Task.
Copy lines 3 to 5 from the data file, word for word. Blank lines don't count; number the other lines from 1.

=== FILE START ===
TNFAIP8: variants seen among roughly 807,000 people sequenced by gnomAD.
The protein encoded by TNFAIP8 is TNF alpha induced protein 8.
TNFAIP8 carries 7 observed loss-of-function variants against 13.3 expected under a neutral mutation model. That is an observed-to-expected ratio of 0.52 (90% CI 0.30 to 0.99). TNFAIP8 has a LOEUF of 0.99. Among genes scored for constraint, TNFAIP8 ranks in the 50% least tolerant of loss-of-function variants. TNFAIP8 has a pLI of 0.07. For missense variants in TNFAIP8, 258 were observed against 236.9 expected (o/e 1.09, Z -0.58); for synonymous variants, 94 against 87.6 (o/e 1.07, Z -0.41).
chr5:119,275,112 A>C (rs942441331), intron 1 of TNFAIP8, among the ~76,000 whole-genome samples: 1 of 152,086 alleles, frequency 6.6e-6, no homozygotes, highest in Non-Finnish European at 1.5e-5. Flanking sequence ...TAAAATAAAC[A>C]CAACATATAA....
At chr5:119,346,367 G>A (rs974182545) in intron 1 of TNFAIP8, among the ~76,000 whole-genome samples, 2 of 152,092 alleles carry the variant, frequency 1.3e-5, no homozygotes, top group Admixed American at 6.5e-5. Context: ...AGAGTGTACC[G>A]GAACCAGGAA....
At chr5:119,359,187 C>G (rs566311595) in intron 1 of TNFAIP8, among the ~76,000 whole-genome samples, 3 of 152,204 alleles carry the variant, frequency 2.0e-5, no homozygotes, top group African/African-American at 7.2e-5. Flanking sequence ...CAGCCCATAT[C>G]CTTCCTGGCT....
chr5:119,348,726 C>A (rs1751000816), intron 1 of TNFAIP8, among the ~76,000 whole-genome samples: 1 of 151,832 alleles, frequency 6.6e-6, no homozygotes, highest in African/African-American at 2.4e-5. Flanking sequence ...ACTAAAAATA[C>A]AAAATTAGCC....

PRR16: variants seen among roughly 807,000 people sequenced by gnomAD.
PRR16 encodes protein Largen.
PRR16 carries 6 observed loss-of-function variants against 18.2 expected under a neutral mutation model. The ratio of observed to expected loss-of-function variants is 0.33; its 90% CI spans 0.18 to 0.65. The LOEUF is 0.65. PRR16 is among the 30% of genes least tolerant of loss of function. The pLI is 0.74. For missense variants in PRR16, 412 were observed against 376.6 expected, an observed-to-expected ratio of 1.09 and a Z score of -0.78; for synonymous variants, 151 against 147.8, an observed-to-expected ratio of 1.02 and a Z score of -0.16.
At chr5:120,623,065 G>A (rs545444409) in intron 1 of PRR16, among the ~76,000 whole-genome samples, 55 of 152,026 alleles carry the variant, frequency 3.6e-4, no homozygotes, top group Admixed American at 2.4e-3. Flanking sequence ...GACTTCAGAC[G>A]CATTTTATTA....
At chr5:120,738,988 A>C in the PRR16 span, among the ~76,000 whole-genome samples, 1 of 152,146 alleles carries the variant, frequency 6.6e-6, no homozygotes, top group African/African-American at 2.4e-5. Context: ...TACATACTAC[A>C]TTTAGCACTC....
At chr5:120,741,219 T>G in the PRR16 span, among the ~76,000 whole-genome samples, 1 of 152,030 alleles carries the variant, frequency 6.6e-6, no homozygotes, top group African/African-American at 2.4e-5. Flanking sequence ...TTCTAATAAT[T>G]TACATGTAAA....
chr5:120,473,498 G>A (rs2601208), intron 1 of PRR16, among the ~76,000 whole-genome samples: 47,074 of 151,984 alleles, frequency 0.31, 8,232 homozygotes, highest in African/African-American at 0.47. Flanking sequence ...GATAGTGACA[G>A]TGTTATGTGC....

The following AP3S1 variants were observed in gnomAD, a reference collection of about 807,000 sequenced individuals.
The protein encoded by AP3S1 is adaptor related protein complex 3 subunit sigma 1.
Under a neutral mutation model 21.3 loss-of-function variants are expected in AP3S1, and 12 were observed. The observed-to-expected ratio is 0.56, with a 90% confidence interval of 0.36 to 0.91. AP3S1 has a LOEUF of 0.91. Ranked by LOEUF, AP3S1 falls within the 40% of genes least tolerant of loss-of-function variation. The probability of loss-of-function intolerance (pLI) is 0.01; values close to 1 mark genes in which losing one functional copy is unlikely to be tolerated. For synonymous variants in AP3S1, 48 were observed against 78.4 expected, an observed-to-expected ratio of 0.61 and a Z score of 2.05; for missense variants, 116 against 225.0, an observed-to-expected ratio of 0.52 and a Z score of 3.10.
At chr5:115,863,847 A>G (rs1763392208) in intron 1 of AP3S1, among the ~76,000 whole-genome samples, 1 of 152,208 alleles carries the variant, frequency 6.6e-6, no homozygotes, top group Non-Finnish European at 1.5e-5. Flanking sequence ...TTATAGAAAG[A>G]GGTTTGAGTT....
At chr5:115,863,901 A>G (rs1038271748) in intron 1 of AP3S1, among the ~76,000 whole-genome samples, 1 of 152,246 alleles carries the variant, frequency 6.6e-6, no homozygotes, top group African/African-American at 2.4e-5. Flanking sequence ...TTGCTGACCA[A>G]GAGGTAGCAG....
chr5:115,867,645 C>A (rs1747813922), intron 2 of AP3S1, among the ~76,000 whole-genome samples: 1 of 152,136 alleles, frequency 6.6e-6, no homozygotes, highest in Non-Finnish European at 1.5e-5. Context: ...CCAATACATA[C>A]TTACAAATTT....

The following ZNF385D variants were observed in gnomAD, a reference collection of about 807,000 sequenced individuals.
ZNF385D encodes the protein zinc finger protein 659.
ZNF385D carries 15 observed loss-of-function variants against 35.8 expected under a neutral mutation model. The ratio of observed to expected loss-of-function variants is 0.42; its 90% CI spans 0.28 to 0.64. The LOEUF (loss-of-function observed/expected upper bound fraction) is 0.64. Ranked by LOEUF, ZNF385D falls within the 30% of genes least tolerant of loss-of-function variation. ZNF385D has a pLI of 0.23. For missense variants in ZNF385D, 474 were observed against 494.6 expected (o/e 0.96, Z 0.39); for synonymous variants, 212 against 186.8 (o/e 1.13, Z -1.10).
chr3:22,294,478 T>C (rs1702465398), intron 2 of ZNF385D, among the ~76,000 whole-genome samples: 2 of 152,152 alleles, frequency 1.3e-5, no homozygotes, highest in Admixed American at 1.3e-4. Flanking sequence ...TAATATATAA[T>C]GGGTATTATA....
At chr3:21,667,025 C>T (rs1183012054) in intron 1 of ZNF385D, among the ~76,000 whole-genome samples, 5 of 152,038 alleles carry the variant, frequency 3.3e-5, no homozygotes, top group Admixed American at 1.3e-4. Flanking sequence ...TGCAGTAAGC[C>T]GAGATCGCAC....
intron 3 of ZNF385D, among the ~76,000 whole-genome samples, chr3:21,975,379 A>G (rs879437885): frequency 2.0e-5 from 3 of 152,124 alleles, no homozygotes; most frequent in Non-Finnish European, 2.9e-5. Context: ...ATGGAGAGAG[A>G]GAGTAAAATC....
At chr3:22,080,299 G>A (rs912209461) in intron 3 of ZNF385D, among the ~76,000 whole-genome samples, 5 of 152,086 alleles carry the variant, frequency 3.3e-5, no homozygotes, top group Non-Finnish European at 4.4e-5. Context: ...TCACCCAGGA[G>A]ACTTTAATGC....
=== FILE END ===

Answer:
TNFAIP8 carries 7 observed loss-of-function variants against 13.3 expected under a neutral mutation model. That is an observed-to-expected ratio of 0.52 (90% CI 0.30 to 0.99). TNFAIP8 has a LOEUF of 0.99. Among genes scored for constraint, TNFAIP8 ranks in the 50% least tolerant of loss-of-function variants. TNFAIP8 has a pLI of 0.07. For missense variants in TNFAIP8, 258 were observed against 236.9 expected (o/e 1.09, Z -0.58); for synonymous variants, 94 against 87.6 (o/e 1.07, Z -0.41).
chr5:119,275,112 A>C (rs942441331), intron 1 of TNFAIP8, among the ~76,000 whole-genome samples: 1 of 152,086 alleles, frequency 6.6e-6, no homozygotes, highest in Non-Finnish European at 1.5e-5. Flanking sequence ...TAAAATAAAC[A>C]CAACATATAA....
At chr5:119,346,367 G>A (rs974182545) in intron 1 of TNFAIP8, among the ~76,000 whole-genome samples, 2 of 152,092 alleles carry the variant, frequency 1.3e-5, no homozygotes, top group Admixed American at 6.5e-5. Context: ...AGAGTGTACC[G>A]GAACCAGGAA....